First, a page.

weather icon Clear
RJ App
Vegas News, Alerts, ePaper

Mothership owner focuses on community in expanding coffee business

Updated July 2, 2023 - 1:00 pm

Juanny Romero may be the CEO of Mothership Coffee Roasters, but when people ask what she does, she doesn’t immediately mention coffee — instead, she says she’s a creator of community.

“I’ve been scoffed at,” she said. “That’s a pretty consistent one, which is good. It gives me a stronger backbone.”

Not everyone is laughing. Her work in creating community through the company’s four cafe locations and wholesale bean business earned her national recognition as runner-up Small Business Person of the Year and a trip to the White House in May.

The Las Vegas Review-Journal recently sat down with Romero as Mothership prepares to open its fifth location in Downtown Summerlin on July 10 and to get its coffee beans onto Walmart shelves in late July. The interview has been edited for length and clarity.

Review-Journal: How was your visit to the White House?

Romero: I got chills just thinking about it. It was a complete surprise (to meet Vice President Kamala Harris). They said, we want you to meet a high-level senior executive inside the White House. Then they gave us a tour and we walk into the vice president’s office and my mouth dropped open like a kid in a candy store.

One of the things that they did for the White House video is they cut to the part where I asked the vice president if I could sit next to her. I thought they were going to edit it out, then it became the main component on the video and I was so surprised.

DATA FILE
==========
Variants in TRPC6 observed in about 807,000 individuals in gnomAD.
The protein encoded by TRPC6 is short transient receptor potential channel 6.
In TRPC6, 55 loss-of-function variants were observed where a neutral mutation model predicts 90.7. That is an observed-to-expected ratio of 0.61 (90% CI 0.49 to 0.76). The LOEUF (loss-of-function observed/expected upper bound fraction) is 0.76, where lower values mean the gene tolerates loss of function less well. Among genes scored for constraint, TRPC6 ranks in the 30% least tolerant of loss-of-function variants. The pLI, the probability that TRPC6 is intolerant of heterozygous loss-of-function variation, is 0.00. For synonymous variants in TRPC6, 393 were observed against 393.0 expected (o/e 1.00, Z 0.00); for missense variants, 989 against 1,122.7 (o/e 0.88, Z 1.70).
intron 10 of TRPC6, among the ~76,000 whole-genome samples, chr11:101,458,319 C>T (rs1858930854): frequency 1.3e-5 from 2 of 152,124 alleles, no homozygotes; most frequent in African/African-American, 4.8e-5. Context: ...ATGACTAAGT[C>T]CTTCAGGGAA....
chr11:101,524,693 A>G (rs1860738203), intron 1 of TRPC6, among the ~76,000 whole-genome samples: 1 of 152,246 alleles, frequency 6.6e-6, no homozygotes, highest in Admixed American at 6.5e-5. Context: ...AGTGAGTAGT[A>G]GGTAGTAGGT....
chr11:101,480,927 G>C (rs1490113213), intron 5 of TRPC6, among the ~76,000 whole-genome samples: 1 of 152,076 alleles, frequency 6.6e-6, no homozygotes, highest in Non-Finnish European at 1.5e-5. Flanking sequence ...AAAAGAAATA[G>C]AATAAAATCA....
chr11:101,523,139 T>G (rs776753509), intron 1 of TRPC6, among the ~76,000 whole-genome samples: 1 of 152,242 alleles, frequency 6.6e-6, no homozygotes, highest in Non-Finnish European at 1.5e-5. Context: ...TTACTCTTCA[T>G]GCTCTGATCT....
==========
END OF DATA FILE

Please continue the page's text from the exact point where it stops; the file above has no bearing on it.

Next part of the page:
One of the reasons why is that as I sat down, I realized I was seated the farthest from her and I started getting frustrated. It’s my natural tendency. I’m very competitive. And I was like, “Juanny, you made it to the White House. Like, it’s good enough.” But then, I was like, “No, I want to be sitting next to her. I want to breathe her air.”

When she finally asked me a question, I was like, “Do you mind if I sit next to you?” And it was so nice. Everyone politely rearranged. I never thought that I would get to this position. I never thought that young Juanny coming from Queens, New York, young Juanny who’s gone through everything would get to sit next to (Harris) and be validated by the vice president of the United States and it was such a beautiful experience.

COVID had such a big effect on the food and beverage industry and you’re focused on community. How did COVID influence Mothership?

I walked into my cafes and I just felt so lonely. All of a sudden, I forgot how much I needed my commute on a daily basis. We don’t have offices for a reason, because we want to be where the community is. And I just remember feeling that loneliness and then realizing I’m not the only one feeling this way.

Because of that, I had a couple of epiphanies of things I could be doing. I started doing (a) barter program as a way to still have community even though we weren’t technically allowed to congregate together. Another thing we did was every time someone bought a cup of coffee online and had it delivered, we gave them an opportunity to buy a bag for a first responder, other underprivileged people, or someone anonymously. That was a really big hit and a great way to feel like Santa Claus.